Expecting Worse: Giving birth on a planet in crisis is a collaboration between Vox, Grist, and The 19th that examines how climate change impacts reproductive health from menstruation to conception to birth.

Around the world last year, more than 134 million babies were born. During that same 12-month period when so many lives were just beginning, about 6.8 billion people — nearly 80% of the global population — experienced at least 31 days of extreme heat that was made at least two times more likely due to human-caused climate change.

The children being born now will come to know a world that’s not only getting hotter, but also one with a climate that will only become more unpredictable and increasingly at risk of extreme weather and disaster.

Yet while we often talk about climate change with the future of these children in mind, rarely do we consider the impact of the crisis now on the people who are giving birth to the generations who will inherit that world.

At a moment when reproductive autonomy is under political attack in the US, climate change is making it even more dangerous to have a uterus. The full range of climate-related threats to reproductive health is vast, but together these stories, produced in collaboration with Grist and The 19th, will help you understand a few of the profound effects warming has on people who can get pregnant.

International climate change panels have already made clear that women are more vulnerable to climate change than men, with extreme heat, weather, and acute climate disasters aggravating existing gender-based vulnerabilities, like domestic violence, inadequate access to health care, and financial insecurity.

But there is another layer of climate impacts that fall along gendered lines: Research shows that climate change takes a particularly profound physical toll on bodies that can bear children — from menstruation to conception to birth. And it’s only now, after years of neglecting to study the climate-related health conditions that affect people who can get pregnant, the scientific and medical communities are beginning to understand the scope of these threats.

A pregnant person’s immune system ratchets down during those crucial nine months so as not to reject the growing fetus, leaving the parent-to-be more susceptible to infectious diseases like malaria that increasingly have a climate component. Exposure to extreme heat during pregnancy increases the likelihood of preterm birth. Sea level rise can infuse drinking water with salt, which could lead to high blood pressure — a risk factor during pregnancy for premature birth and miscarriage. And for those who have access to fertility treatment, which involves highly time-sensitive procedures, increasingly massive and intense storms are making assisted conception even more unpredictable.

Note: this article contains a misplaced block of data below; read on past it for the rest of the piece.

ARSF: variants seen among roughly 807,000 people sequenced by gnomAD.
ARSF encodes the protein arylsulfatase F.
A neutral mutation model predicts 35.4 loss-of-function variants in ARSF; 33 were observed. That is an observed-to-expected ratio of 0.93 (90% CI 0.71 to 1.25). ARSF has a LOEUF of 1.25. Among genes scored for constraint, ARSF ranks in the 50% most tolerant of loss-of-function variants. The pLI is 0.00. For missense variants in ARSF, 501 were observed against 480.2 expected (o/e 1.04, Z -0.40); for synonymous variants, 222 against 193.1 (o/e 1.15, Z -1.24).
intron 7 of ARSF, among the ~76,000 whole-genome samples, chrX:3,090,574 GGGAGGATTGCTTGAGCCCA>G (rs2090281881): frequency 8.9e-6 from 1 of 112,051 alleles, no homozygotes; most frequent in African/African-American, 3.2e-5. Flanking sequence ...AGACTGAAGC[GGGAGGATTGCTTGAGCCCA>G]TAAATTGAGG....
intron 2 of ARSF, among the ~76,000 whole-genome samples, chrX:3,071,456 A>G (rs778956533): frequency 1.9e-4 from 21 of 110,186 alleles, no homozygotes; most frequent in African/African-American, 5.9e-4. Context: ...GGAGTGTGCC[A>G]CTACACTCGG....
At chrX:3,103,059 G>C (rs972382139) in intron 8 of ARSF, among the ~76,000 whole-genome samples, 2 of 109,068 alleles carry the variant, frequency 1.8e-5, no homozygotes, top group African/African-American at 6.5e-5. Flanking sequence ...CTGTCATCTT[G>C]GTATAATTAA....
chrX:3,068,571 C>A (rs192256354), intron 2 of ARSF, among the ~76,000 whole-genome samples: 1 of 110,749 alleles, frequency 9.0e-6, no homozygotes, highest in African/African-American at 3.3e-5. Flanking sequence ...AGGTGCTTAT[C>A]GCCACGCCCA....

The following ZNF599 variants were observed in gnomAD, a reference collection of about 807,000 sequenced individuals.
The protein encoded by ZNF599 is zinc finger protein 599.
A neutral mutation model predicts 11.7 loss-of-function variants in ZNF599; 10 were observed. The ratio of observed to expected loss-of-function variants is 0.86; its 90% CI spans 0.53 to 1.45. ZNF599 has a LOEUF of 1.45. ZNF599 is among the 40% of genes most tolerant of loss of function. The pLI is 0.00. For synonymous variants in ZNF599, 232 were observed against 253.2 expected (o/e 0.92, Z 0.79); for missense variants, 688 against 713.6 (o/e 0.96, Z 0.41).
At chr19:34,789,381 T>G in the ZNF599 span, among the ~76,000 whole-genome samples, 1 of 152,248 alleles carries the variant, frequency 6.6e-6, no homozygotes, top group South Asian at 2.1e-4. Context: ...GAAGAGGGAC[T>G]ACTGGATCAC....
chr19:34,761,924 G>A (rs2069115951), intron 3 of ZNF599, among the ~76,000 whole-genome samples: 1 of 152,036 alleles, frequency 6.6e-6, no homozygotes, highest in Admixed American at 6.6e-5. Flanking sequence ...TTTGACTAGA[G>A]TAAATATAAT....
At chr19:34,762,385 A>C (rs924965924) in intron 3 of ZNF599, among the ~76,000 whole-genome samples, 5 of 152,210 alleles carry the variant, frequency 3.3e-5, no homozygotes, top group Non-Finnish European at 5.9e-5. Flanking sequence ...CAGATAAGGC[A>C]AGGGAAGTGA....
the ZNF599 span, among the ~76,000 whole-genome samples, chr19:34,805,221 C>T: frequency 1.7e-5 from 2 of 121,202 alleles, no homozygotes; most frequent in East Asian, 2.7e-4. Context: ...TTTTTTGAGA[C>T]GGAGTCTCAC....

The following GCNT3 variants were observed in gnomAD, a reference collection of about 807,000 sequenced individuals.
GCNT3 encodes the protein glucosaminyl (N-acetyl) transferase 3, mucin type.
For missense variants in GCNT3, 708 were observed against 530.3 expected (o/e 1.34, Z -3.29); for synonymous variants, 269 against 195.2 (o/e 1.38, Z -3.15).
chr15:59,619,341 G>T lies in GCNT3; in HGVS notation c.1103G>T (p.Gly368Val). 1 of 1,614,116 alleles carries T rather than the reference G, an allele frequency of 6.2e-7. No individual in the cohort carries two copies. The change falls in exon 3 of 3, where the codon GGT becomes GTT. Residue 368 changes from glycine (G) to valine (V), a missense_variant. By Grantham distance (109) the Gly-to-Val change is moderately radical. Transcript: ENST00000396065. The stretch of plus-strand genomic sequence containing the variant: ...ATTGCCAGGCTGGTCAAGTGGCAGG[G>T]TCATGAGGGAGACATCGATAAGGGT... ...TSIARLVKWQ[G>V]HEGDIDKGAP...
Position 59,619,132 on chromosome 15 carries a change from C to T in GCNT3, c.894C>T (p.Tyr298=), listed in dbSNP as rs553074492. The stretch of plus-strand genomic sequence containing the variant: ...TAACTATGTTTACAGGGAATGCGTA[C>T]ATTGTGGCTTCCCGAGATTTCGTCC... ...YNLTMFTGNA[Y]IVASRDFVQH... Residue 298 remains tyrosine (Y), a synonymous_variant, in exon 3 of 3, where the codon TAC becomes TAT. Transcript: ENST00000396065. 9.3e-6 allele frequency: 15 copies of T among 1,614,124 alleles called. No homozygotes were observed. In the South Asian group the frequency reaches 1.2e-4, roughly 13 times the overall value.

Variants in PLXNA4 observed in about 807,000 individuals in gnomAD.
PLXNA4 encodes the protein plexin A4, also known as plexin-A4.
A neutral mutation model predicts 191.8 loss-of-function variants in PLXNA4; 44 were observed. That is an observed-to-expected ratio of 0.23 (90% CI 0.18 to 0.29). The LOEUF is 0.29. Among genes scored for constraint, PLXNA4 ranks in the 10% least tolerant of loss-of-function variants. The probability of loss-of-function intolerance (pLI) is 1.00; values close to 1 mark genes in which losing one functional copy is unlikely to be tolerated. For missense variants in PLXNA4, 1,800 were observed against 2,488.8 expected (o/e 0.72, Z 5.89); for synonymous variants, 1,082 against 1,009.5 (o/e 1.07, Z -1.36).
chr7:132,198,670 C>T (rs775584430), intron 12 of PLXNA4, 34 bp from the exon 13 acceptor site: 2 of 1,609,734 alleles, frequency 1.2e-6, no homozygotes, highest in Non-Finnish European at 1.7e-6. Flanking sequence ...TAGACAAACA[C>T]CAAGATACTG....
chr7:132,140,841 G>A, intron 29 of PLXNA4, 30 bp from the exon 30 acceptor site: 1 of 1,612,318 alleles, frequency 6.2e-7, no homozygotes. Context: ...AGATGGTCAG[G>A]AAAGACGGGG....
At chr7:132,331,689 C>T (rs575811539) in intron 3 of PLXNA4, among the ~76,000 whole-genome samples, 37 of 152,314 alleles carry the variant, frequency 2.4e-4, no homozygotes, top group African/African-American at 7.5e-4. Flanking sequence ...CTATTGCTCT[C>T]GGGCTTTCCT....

Here, you’ll find a package of four stories — four narratives that follow the lives of women who are facing unexpected risks as they attempt to conceive and give birth to children in a warmer world. Their stories, below, bring important attention to an issue that’s too long been overlooked.


Heat waves increase the number of risky, premature births

Extreme heat is dangerous when you’re pregnant — particularly for those in underrepresented communities. | By Virginia Gewin

An illustration of a woman gazing up, with a worried expression, at a blazing hot sun.


They spent years trying for a baby. Then the hurricane hit.

Climate disasters are threatening access to IVF and other forms of fertility treatment. | By Zoya Teirstein and Jessica Kutz

An illustration of a woman trapped in an hour glass while a storm builds in the background.


Why pregnancy triples your chances of getting severe malaria

How to protect mothers and babies as warming temperatures expand the risk of contracting the disease. | By Zoya Teirstein

An illustration of a pregnant woman sheltering under a mosquito net.


The bizarre link between rising sea levels and complications in pregnancy

Exposure to salty water can rob women of their reproductive organs and pregnancies. | By Zoya Teirstein and Mahadi Al Hasnat

An illustration of a young woman grasping an urn in salty waters.


CREDITS

Vox.com Editorial Lead: Paige Vega | Project Manager: Jaime Buerger | Editors: L.V. Anderson, Paige Vega, Kara Platoni | Reporters: Zoya Teirstein, Virginia Gewin, Jessica Kutz, Mahadi Al Hasnat | Standards/Fact-checkers: Claire Thompson, Joseph Winters, Kate Yoder, Sarah Schweppe, Melissa Hirsch, Caity PenzeyMoog | Partnership Managers: Rachel Glickhouse, Abby Johnston, Megan Kearney | Audience: Myrka Moreno, Justin Ray, Shira Tarlo | Data visualization: Clayton Aldern, Jasmine Mithani | Art Direction: Teresa Chin | Illustrations: Amelia Bates | Design: Mia Torres, Jason Castro, Mignon Khargie | Special thanks: Bryan Walsh, Elbert Ventura, Swati Sharma, Bill Carey

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